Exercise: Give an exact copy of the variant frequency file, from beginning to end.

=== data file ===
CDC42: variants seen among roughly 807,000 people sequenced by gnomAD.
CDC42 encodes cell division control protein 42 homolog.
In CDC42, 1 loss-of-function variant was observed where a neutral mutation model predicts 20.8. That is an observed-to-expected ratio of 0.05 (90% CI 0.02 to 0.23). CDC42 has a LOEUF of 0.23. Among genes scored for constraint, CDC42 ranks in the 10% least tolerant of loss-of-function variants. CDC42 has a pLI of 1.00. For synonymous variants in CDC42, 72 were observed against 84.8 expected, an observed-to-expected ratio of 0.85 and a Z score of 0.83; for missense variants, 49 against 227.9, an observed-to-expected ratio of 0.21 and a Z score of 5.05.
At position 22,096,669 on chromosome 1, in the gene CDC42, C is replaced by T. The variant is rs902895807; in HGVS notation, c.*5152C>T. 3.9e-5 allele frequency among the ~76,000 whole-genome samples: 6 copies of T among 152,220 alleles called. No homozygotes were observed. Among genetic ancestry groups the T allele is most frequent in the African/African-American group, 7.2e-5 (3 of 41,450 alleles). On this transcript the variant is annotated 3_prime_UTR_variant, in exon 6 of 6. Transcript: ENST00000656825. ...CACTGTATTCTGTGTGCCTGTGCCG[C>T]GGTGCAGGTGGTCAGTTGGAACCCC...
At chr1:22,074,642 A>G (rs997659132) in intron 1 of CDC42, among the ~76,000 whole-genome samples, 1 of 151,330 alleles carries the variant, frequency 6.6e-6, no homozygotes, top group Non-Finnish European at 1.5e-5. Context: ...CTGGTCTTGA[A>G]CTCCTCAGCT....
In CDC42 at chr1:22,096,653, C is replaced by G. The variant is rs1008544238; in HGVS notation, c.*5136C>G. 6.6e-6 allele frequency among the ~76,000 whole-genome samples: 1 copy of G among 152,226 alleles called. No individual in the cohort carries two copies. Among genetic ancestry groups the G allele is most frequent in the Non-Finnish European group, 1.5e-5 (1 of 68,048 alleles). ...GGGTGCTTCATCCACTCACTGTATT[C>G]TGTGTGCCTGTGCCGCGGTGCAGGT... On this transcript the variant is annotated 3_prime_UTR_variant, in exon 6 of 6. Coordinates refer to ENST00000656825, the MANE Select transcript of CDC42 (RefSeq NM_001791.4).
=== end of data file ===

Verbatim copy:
CDC42: variants seen among roughly 807,000 people sequenced by gnomAD.
CDC42 encodes cell division control protein 42 homolog.
In CDC42, 1 loss-of-function variant was observed where a neutral mutation model predicts 20.8. That is an observed-to-expected ratio of 0.05 (90% CI 0.02 to 0.23). CDC42 has a LOEUF of 0.23. Among genes scored for constraint, CDC42 ranks in the 10% least tolerant of loss-of-function variants. CDC42 has a pLI of 1.00. For synonymous variants in CDC42, 72 were observed against 84.8 expected, an observed-to-expected ratio of 0.85 and a Z score of 0.83; for missense variants, 49 against 227.9, an observed-to-expected ratio of 0.21 and a Z score of 5.05.
At position 22,096,669 on chromosome 1, in the gene CDC42, C is replaced by T. The variant is rs902895807; in HGVS notation, c.*5152C>T. 3.9e-5 allele frequency among the ~76,000 whole-genome samples: 6 copies of T among 152,220 alleles called. No homozygotes were observed. Among genetic ancestry groups the T allele is most frequent in the African/African-American group, 7.2e-5 (3 of 41,450 alleles). On this transcript the variant is annotated 3_prime_UTR_variant, in exon 6 of 6. Transcript: ENST00000656825. ...CACTGTATTCTGTGTGCCTGTGCCG[C>T]GGTGCAGGTGGTCAGTTGGAACCCC...
At chr1:22,074,642 A>G (rs997659132) in intron 1 of CDC42, among the ~76,000 whole-genome samples, 1 of 151,330 alleles carries the variant, frequency 6.6e-6, no homozygotes, top group Non-Finnish European at 1.5e-5. Context: ...CTGGTCTTGA[A>G]CTCCTCAGCT....
In CDC42 at chr1:22,096,653, C is replaced by G. The variant is rs1008544238; in HGVS notation, c.*5136C>G. 6.6e-6 allele frequency among the ~76,000 whole-genome samples: 1 copy of G among 152,226 alleles called. No individual in the cohort carries two copies. Among genetic ancestry groups the G allele is most frequent in the Non-Finnish European group, 1.5e-5 (1 of 68,048 alleles). ...GGGTGCTTCATCCACTCACTGTATT[C>G]TGTGTGCCTGTGCCGCGGTGCAGGT... On this transcript the variant is annotated 3_prime_UTR_variant, in exon 6 of 6. Coordinates refer to ENST00000656825, the MANE Select transcript of CDC42 (RefSeq NM_001791.4).